After taking a look around the temple itself, I head back to the place where I was staying. The man who owned the place was eagerly waiting for me and he came up to me as I opened the lock. I was surprised when he asked when I was going to vacate the room. I had arrived the previous night and I was being asked to leave early the next morning. The lady of the place entered the scene while I was trying to convince him to let me stay for another day. Apparently it was the tourist season and international travelers pay a lot more than I would. She just made her point clear and left. I had no other option but to leave but not before a shower. I had a hard time finding a place that served a normal south Indian breakfast. Most of the places cater to the needs of international travelers, and almost every major cuisine is covered! Finally I found a stall in one of the narrower streets, selling dosas. I had a couple to keep me going for the first half of the day. I had a lot of walking to do and that in the hot sun. Just before I left the village to explore the ruins I was offered stay at a smallish but clean place for a rather small price. It was worth just to leave my bags for the day and to freshen up after a walk in the sun. So I took it and head out without my baggage. 🙂 Basically (as far as I know), there are five major temples in Hampi, and numerous smaller shrines around these centers. All of these major temple have bazaar streets, each was well known for certain goods. They are the, all too well know, Virupaksha Temple, the ornate Krishna temple, the Achyutharaya temple, the Hazara Rama temple and the Vijaya VIttala Temple. I planned to visit the Hazara Rama temple that day and rode there stopping at the underground Shiva temple on the way. I had imagined it to be a cave like structure, but is built below ground level by digging up the area for the temple. I next stopped at the Hazara Rama Temple, parked my bike near a sign that said Pan-Supari Bazaar. I later found out that it used to be a market where spices were traded. The temple was private to the royal family and marks (one of) the entrances to the royal enclosure that housed the palaces, a mint, a kalyani (sacred pond) with a temple for a goddess, a huge platform (The Mahanavami Dibba) to host celebrations such as weddings and festivals, and many more structures than I could see in a day. The temple isn’t huge by Hampi’s standards but its importance is obvious from it’s location. The walls of the temple are carved with many episodes of the epic of Ramayana and hence the name. Below are some of the images I captured at the temple.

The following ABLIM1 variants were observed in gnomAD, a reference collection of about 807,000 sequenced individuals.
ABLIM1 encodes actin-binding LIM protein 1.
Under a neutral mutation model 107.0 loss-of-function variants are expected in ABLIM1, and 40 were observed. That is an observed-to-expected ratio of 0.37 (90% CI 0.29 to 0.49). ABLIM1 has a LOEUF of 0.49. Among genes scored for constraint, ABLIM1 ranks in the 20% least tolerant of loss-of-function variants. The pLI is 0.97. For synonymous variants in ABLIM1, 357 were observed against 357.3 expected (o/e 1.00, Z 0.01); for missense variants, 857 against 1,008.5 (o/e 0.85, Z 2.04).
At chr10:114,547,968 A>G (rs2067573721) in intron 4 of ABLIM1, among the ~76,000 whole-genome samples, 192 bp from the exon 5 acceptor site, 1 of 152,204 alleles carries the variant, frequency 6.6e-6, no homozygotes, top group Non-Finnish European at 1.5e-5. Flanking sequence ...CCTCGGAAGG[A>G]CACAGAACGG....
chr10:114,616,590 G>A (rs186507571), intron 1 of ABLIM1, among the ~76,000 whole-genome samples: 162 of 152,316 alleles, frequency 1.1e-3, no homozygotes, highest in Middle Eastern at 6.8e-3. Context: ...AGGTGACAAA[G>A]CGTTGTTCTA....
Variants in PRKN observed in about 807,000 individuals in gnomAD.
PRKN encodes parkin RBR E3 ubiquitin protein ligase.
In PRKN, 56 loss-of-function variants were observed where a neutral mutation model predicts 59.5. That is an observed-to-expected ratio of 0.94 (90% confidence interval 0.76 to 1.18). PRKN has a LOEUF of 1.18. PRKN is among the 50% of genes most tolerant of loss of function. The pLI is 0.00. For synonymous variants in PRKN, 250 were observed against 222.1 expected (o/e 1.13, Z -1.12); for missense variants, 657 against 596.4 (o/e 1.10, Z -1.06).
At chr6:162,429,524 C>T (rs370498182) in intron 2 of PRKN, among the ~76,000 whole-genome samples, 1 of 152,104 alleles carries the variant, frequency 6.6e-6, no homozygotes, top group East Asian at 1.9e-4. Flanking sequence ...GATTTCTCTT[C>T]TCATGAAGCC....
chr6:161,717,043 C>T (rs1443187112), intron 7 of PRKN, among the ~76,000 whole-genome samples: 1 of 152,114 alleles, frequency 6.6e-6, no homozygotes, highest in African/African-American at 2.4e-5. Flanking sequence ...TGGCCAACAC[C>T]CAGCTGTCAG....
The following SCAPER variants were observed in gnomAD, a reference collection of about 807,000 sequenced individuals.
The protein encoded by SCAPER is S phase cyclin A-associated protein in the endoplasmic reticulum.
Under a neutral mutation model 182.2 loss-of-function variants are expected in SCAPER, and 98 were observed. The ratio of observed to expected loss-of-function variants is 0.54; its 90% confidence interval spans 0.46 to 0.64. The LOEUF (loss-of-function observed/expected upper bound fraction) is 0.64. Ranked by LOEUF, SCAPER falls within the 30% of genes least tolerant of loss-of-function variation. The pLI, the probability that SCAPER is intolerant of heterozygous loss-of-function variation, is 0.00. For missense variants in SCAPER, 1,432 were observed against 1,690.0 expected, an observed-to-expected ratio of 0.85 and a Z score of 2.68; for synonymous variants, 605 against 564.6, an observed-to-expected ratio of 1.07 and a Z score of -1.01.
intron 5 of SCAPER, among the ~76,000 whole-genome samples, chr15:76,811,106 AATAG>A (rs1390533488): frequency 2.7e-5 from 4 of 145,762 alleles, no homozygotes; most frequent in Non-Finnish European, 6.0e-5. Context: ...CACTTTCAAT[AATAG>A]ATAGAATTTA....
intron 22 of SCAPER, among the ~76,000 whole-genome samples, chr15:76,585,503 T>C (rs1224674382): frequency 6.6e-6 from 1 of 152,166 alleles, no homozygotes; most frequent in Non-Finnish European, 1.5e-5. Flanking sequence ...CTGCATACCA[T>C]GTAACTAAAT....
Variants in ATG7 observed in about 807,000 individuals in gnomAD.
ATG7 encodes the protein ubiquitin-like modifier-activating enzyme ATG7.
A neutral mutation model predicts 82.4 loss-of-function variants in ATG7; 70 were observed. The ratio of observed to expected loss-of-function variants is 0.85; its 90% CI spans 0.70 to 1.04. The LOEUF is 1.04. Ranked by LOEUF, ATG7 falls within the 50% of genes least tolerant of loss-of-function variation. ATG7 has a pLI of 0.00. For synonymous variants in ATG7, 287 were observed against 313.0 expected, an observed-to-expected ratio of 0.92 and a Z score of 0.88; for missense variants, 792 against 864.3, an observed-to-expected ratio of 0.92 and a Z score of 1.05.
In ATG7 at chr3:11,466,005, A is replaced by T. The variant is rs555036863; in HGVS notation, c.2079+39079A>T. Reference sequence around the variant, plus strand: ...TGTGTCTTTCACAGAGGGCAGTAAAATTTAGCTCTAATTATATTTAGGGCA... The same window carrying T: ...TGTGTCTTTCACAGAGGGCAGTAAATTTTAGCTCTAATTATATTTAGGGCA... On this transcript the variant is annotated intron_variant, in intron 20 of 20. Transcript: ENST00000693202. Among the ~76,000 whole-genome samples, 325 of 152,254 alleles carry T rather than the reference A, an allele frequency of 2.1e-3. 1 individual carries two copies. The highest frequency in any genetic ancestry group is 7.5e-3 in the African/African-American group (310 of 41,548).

I could see huge fort walls from behind the temple and curiously walked out of the temple complex and into the royal enclosure. There were several tall and thick fort like walls surrounding the enclosure. They were crumbling at many places, may be they were brought down during or after the many wars. Of the many buildings that once stood within the area only their basements survive. Also the water ducts to supply fresh water to the palace and temples are visible. I walked through the palace figuring out where the doors would be and trying to imagine walls and roofs. There are places that were probably administrative offices and the royal court. There is a high platform from which the king would deliver speeches. I turned around from the temple complex and walked to the Kalyani, with small aqueducts leading to it. I got curious about the aqueducts and followed one of the many lines. It disappeared behind a big fort wall. I think the water was somehow lifted from the river into these canals. And that also led me towards the King’s bath, which looked like a modern day swimming pool, except it was deep throughout. Obviously the water supply system was connected to the pool too. In fact, there was an extensive network of aqueducts and canals of various sizes throughout Hampi. Some of them were even underground! They were used to supply water for irrigation , to the temples, ponds, palaces and may be even to the household.